© 2014 The British Infection Association. Objectives: Aspergillus spp. can cause acute invasive disease in severely immunocompromised patients. Nonetheless, there are few reports of solid tumors complicated with subacute invasive pulmonary aspergillosis (subacute IPA). Methods: Retrospective observational cohort study, performed in patients with primary lung cancer or secondary lung metastasis complicated with subacute IPA in three referral hospitals. Results: From 2008 to 2011, 14 episodes of subacute IPA were diagnosed, including 11 (78.6%) probable and 3 proven (21.4%). Nine patients (64.3%) had primary lung cancer. Thirteen patients (92.9%) had more than one local or systemic predisposing factor for subacute IPA. No patient had previous fungal colonization. Aspergillus spp. was isolated in 6 specimens of bronchoalveolar lavage, 6 sputum, 2 biopsies, and 1 percutaneous lung puncture. At the time Aspergillus spp. was isolated, the most common radiologic findings on chest computed tomography (CT) were cavitary masses, and development or expansion of cavitation in existing masses or nodules (10/14, 71.4%). On CT follow-up, most patients (8/12, 66.7%) had new cavity formation or expansion of one or more existing cavities. All patients were treated with azoles and two underwent surgery. Ten (71.4%) patients died after Aspergillus spp. was detected (median time 73 days, IQR 33-243): 2 (20%) deaths were subacute IPA-attributable and 6 (60%) were related. Conclusions: Primary lung cancer and secondary lung metastasis seem to be triggering factors for Aspergillus spp. implantation, and predispose to subacute IPA. Once localized in the damaged lung, the mold can grow and cause or expand cavities. In lung cancer patients, Aspergillus spp. detection is associated with a very poor prognosis.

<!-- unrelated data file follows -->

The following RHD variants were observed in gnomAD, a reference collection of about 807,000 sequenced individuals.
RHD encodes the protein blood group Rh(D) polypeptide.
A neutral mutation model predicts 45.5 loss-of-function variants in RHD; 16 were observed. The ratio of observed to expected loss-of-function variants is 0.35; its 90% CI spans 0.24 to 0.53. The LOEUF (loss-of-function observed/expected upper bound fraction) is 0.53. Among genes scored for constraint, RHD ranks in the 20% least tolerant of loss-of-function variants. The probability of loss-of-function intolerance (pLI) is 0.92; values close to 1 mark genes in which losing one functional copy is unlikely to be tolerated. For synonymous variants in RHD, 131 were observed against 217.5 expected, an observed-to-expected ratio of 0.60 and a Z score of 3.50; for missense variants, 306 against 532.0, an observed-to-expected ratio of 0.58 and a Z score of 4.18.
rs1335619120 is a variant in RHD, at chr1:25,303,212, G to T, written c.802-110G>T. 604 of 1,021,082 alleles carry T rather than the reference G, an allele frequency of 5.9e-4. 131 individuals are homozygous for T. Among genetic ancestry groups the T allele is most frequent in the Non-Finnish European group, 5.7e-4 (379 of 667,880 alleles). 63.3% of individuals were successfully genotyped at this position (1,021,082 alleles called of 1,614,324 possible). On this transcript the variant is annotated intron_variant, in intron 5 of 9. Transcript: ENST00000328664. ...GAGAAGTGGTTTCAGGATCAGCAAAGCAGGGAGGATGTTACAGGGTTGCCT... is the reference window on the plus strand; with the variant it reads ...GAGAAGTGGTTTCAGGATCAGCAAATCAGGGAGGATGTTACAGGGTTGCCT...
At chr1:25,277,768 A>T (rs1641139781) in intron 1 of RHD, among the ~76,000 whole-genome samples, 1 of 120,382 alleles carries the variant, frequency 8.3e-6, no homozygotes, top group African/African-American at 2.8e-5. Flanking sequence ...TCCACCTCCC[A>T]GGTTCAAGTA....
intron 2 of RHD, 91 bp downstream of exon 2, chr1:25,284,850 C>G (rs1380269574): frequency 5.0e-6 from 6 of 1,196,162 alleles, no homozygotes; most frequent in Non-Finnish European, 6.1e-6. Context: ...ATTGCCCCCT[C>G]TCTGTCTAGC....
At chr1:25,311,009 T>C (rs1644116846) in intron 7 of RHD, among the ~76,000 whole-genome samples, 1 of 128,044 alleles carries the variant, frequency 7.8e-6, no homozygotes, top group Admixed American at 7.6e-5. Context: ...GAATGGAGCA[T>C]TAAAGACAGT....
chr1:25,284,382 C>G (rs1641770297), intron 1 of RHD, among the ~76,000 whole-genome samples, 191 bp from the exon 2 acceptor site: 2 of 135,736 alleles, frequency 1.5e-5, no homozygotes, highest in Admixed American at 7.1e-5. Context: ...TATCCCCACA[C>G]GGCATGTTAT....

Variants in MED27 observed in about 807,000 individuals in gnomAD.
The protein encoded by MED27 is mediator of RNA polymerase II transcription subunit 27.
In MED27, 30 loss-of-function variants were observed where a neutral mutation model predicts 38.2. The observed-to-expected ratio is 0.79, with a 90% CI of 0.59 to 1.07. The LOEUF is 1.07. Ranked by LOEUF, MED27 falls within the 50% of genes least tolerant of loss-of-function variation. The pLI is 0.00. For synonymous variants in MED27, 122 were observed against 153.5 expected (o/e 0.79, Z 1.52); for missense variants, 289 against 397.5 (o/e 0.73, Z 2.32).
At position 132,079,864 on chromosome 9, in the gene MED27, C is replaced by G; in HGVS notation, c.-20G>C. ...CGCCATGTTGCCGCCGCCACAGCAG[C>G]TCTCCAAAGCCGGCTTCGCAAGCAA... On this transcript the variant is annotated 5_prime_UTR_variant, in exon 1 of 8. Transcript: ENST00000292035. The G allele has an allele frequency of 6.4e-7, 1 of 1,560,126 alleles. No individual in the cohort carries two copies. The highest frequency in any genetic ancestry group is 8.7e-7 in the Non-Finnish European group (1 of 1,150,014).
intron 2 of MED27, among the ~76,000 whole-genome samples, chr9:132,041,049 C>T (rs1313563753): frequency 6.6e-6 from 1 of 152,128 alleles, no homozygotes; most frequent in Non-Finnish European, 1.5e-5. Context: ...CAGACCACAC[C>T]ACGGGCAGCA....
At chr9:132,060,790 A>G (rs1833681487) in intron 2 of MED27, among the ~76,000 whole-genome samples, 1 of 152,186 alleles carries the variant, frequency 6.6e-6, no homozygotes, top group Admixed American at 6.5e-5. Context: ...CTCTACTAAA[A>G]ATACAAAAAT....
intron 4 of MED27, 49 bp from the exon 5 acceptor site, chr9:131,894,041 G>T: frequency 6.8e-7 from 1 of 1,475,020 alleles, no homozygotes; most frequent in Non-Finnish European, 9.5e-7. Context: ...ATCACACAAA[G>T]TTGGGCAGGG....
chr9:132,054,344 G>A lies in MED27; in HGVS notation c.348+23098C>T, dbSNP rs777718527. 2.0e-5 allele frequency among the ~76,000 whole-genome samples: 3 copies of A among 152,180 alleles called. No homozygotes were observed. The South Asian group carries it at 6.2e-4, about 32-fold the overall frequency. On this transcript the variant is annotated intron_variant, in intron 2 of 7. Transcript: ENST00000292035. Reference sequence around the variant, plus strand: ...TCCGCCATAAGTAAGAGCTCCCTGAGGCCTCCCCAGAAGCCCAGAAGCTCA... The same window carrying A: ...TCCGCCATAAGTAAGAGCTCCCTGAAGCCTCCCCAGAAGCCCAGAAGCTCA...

- Chronic pulmonary aspergillosis
- Invasive pulmonary aspergillosis
- Lung cancer
- Lung metastasis
- Solid cancer
- Solid tumors
- Subacute invasive aspergillosis